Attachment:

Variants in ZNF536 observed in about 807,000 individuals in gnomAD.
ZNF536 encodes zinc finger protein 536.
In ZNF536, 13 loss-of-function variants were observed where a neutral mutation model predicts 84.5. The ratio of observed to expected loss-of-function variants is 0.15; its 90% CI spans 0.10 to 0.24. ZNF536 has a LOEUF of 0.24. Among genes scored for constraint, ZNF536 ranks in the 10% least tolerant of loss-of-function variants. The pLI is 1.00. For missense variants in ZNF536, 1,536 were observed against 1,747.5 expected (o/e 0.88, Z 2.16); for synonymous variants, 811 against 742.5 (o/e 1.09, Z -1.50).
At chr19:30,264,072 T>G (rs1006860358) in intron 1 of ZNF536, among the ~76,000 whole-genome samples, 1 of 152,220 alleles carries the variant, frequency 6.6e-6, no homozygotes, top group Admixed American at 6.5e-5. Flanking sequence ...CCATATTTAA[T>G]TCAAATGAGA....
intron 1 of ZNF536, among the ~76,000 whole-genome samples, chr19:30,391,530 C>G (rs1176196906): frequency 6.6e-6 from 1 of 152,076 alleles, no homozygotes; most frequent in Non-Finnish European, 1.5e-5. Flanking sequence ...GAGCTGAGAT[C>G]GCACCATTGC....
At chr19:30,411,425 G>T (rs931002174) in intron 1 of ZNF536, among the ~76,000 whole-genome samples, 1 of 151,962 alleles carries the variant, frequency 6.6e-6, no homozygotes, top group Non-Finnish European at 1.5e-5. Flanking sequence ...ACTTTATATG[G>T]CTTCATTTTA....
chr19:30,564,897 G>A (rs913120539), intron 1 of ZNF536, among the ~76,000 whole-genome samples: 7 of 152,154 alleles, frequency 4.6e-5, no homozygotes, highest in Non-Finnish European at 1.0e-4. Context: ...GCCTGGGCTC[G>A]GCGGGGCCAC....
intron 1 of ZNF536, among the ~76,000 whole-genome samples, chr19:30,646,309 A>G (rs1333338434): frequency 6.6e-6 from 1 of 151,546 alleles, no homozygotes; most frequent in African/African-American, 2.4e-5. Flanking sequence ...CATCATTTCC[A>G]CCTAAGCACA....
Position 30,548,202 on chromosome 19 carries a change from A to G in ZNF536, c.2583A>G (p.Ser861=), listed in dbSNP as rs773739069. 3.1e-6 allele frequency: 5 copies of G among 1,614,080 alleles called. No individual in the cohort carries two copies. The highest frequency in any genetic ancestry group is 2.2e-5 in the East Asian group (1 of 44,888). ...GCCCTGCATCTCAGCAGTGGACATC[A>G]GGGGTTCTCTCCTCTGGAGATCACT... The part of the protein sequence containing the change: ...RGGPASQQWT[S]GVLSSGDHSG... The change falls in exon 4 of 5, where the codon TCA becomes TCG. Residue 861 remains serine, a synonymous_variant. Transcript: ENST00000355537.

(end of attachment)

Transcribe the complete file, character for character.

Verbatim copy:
Variants in ZNF536 observed in about 807,000 individuals in gnomAD.
ZNF536 encodes zinc finger protein 536.
In ZNF536, 13 loss-of-function variants were observed where a neutral mutation model predicts 84.5. The ratio of observed to expected loss-of-function variants is 0.15; its 90% CI spans 0.10 to 0.24. ZNF536 has a LOEUF of 0.24. Among genes scored for constraint, ZNF536 ranks in the 10% least tolerant of loss-of-function variants. The pLI is 1.00. For missense variants in ZNF536, 1,536 were observed against 1,747.5 expected (o/e 0.88, Z 2.16); for synonymous variants, 811 against 742.5 (o/e 1.09, Z -1.50).
At chr19:30,264,072 T>G (rs1006860358) in intron 1 of ZNF536, among the ~76,000 whole-genome samples, 1 of 152,220 alleles carries the variant, frequency 6.6e-6, no homozygotes, top group Admixed American at 6.5e-5. Flanking sequence ...CCATATTTAA[T>G]TCAAATGAGA....
intron 1 of ZNF536, among the ~76,000 whole-genome samples, chr19:30,391,530 C>G (rs1176196906): frequency 6.6e-6 from 1 of 152,076 alleles, no homozygotes; most frequent in Non-Finnish European, 1.5e-5. Flanking sequence ...GAGCTGAGAT[C>G]GCACCATTGC....
At chr19:30,411,425 G>T (rs931002174) in intron 1 of ZNF536, among the ~76,000 whole-genome samples, 1 of 151,962 alleles carries the variant, frequency 6.6e-6, no homozygotes, top group Non-Finnish European at 1.5e-5. Flanking sequence ...ACTTTATATG[G>T]CTTCATTTTA....
chr19:30,564,897 G>A (rs913120539), intron 1 of ZNF536, among the ~76,000 whole-genome samples: 7 of 152,154 alleles, frequency 4.6e-5, no homozygotes, highest in Non-Finnish European at 1.0e-4. Context: ...GCCTGGGCTC[G>A]GCGGGGCCAC....
intron 1 of ZNF536, among the ~76,000 whole-genome samples, chr19:30,646,309 A>G (rs1333338434): frequency 6.6e-6 from 1 of 151,546 alleles, no homozygotes; most frequent in African/African-American, 2.4e-5. Flanking sequence ...CATCATTTCC[A>G]CCTAAGCACA....
Position 30,548,202 on chromosome 19 carries a change from A to G in ZNF536, c.2583A>G (p.Ser861=), listed in dbSNP as rs773739069. 3.1e-6 allele frequency: 5 copies of G among 1,614,080 alleles called. No individual in the cohort carries two copies. The highest frequency in any genetic ancestry group is 2.2e-5 in the East Asian group (1 of 44,888). ...GCCCTGCATCTCAGCAGTGGACATC[A>G]GGGGTTCTCTCCTCTGGAGATCACT... The part of the protein sequence containing the change: ...RGGPASQQWT[S]GVLSSGDHSG... The change falls in exon 4 of 5, where the codon TCA becomes TCG. Residue 861 remains serine, a synonymous_variant. Transcript: ENST00000355537.